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By Ralph P.Jr. Boas, R.C. Buck

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**Example text**

The spaces S(R, R), S(R, Rn ), S(R, C n ) are obviously deﬁned, starting in the ﬁrst case with real trigonometric polynomials instead of T (to be more speciﬁc, with Re T ) and then proceeding by completion. There are many references in the literature to the spaces S p (R, C), 1 ≤ p, of almost periodic functions in Stepanov’s sense. They are deﬁned in a manner similar to that used above for the space S = S 1 (R, C). Namely, the norm in S p (R, C) is given by 1/p t+1 x Sp |x(s)|p ds = sup t∈R , t and the relationship with the norm of S (or M ) follows from the inequality mentioned above, namely t+1 1/p t+1 |x(s)|ds ≤ t |x(s)|p ds 1 ≤ p < ∞.

X| = |λ||x| for any λ ∈ R (or C) and x ∈ E; and 3. |x + y| ≤ |x| + |y| for any x, y ∈ E. 8. The only diﬀerence between a norm and a seminorm is in the fact that a seminorm can vanish for nonzero elements of E. 19, we see that the set x ∈ E for which |x| = 0 constitutes a linear manifold in E. 20. A sequence of seminorms {|x|k ; k ≥ 1} on the linear space E is called suﬃcient if |x|k = 0, k ≥ 1, implies x = θ. In other words, the sequence is suﬃcient if for each x ∈ E, x = θ, there exists a natural number m such that |x|m > 0.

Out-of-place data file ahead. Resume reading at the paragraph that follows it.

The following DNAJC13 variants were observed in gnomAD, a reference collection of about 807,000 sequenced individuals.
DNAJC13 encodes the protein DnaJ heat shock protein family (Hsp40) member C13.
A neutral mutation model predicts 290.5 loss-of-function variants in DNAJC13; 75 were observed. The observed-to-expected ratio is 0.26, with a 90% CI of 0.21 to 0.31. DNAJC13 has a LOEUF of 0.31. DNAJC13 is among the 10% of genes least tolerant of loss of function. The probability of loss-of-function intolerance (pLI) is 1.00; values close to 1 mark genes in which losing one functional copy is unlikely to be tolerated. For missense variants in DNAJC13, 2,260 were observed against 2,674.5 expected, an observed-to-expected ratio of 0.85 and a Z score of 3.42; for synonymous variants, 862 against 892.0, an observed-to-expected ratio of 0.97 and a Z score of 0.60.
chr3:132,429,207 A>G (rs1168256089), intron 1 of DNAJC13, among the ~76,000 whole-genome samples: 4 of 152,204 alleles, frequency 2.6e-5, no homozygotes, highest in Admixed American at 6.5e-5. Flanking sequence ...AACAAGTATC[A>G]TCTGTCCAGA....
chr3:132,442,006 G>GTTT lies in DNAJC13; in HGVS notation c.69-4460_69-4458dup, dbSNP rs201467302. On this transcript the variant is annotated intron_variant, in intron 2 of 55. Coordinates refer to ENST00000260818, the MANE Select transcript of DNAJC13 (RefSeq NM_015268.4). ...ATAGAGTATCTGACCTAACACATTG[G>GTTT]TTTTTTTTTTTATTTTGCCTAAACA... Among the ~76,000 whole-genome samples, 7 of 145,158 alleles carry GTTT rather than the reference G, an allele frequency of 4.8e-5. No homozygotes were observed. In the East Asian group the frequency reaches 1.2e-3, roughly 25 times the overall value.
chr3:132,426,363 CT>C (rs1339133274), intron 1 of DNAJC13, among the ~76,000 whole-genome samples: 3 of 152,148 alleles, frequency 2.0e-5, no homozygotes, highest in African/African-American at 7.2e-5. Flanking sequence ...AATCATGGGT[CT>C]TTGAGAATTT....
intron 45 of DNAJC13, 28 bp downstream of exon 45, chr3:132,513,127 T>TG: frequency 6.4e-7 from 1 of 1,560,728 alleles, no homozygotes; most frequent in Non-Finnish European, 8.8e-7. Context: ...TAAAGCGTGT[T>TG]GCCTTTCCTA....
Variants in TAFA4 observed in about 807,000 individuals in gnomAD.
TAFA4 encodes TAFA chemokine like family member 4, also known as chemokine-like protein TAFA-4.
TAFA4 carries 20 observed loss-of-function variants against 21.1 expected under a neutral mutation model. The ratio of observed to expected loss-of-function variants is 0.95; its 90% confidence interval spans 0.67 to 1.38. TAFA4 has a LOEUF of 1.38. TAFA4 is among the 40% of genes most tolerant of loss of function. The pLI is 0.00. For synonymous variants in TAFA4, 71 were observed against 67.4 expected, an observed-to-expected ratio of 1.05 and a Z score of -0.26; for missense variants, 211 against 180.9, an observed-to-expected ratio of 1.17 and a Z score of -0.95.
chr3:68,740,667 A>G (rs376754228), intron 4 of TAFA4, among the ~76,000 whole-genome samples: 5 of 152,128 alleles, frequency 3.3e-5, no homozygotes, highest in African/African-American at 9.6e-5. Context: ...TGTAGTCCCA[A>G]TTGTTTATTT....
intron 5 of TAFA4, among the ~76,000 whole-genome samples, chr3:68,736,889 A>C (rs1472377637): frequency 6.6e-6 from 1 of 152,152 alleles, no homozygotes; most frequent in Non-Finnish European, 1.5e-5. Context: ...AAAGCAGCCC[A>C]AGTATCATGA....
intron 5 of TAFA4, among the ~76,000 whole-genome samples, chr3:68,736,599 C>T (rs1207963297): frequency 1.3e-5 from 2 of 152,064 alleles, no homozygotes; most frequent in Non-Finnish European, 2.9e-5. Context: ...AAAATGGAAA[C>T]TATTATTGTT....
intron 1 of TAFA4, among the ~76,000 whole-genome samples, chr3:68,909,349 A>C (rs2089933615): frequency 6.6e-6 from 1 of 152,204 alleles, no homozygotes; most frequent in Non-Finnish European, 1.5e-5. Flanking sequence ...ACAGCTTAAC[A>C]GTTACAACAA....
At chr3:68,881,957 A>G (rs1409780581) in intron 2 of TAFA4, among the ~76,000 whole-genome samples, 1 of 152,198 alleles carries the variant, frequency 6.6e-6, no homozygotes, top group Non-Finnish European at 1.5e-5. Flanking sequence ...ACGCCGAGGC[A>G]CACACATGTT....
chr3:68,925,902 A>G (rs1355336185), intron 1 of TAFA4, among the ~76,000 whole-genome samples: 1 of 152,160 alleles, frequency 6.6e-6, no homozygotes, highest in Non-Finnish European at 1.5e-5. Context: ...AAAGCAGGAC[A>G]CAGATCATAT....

19), then we shall say that E is a Hilbert space if it is a complete metric space, the distance being deﬁned by d(x, y) = x − y . Since it is obvious that a Hilbert space is a Banach space in which the norm is deﬁned by means of an inner product, it is legitimate to ask the question: When is a Banach space a Hilbert space? 11 gives a rather simple answer to this question. 11. Let (E, · ) be a Banach space over the ﬁeld of reals. Then, a necessary and suﬃcient condition for E to be a Hilbert space also is the validity of the parallelogram law in E, x+y 2 + x−y 2 = 2( x 2 + y 2 ), for any x, y ∈ E.